Athletes have not only gone to Japan to leave their hearts, but they have also gone to defend their country from any provocation or expression of hatred. This was the case of young boxer Julio Cesar la Cruz, who faced Cuban-Spanish Enmanuel Reyes during the most awaited fight of July 30.
The fight occurred shortly after Reyes, who was representing the Spanish flag in the ring, threatened to “tear off the head” of his opponent, regardless of the fact that both were born in the same country.
“I will be the first person to shout ‘Patria y Vida’ (Homeland and Life) in the Olympics,” he added, alluding to the song that has allegedly become the anthem of the Cuban right-wing.
La Cruz won after beating Reyes in the first and third rounds. Before getting out of the ring, he shouted at the top of his lungs, “Homeland and Life, no. Homeland or Death. We will prevail,” in honor of Cuba’s historic leader Fidel Castro.
Not only have the athletes given their all in these Olympic Games. The sports reporters have also been heroes, and they have served as a bridge between Cubans and the emotions experienced in Tokyo.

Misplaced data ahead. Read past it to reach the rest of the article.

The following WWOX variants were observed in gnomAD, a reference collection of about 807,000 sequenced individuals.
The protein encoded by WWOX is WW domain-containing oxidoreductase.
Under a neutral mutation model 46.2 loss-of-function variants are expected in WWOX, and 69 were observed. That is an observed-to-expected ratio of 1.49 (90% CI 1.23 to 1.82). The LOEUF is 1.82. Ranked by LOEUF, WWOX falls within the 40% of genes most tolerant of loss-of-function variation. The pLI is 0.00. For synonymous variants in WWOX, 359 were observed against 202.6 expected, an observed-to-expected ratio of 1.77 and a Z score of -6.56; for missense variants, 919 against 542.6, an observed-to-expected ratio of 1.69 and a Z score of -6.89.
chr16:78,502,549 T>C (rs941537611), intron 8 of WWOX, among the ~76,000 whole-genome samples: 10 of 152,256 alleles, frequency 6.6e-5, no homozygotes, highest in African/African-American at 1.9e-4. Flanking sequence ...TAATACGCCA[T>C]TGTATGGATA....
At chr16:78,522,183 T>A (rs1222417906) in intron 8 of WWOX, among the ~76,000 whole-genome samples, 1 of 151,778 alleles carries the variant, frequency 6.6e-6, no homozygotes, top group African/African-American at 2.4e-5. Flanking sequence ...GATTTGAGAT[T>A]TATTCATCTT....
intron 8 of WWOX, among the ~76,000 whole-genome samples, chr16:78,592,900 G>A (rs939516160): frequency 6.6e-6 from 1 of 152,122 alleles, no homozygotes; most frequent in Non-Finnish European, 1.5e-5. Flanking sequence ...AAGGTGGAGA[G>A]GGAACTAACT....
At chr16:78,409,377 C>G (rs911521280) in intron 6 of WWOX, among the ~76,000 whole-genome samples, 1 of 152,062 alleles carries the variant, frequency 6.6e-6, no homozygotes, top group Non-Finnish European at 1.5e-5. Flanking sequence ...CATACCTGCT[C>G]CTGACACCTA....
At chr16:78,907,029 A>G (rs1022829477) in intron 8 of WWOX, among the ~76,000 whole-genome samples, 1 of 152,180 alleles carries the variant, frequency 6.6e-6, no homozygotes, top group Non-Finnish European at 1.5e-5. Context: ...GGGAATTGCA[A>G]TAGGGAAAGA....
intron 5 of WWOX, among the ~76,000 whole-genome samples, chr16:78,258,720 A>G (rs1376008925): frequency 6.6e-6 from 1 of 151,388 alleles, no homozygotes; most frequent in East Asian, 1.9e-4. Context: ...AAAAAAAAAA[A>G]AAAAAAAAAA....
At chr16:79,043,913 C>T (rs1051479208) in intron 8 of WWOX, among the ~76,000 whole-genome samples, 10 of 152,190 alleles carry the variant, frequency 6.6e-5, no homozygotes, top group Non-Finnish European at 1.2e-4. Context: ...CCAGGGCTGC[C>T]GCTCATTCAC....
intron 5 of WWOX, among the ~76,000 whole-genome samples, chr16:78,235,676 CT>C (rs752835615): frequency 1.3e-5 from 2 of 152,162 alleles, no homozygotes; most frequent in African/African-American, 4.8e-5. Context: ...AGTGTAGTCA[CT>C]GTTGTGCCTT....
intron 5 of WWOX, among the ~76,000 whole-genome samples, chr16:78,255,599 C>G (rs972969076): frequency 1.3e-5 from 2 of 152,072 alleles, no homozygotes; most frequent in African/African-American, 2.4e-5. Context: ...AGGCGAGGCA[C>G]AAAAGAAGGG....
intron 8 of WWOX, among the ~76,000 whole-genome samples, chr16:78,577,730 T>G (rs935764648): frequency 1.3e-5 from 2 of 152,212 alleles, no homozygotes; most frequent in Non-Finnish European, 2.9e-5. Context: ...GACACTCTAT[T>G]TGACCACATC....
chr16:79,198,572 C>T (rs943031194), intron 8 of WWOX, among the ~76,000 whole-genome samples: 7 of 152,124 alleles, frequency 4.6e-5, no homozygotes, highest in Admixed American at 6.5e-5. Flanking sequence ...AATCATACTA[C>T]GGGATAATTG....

No Cuban will forget journalist Renier Gonzalez’s narration of the 1,000-meter double canoe race, in which the Cubans Serguey Torres and Fernando Dayan Jorge Enriquez won the gold medal by a mere 0.2 seconds.
As the final-second battle between the Chinese canoe and the Cuban canoe, Gonzalez fired off words as he sat up and stood from his seat; “Here comes the Cuban canoe, here comes the Chinese canoe… Seguey, Dayan. Come on, let’s all paddle, Cubans. Come on. We will have a medal. China, Cuba, Cuba. Gold medal for Cuba! The Cuban canoe is gold!”
Cuban President Miguel Díaz-Canel, who has called each medalist after every victory, could not contain his emotion as he congratulated Torres and Fernando Dayán. “The final seconds were electrifying. You rowed your hearts out,” he told them.
The feat of this small Caribbean island in Tokyo has been historic. The athletes are holding Cuba’s name up high amid the most difficult conditions. The country is fighting against a seemingly unstoppable pandemic while media attacks are gaining strength, and food and medicine shortages persist. However, Cuba perceives the Tokyo Olympics as a shining example of the resistance of the Cuban people to hatred, to adversity.
FINA – Fédération Internationale de Natation (International Swimming Federation). Established 1908.
WADA – World Anti-Doping Agency. Established in 1999. Based in Montreal, Canada.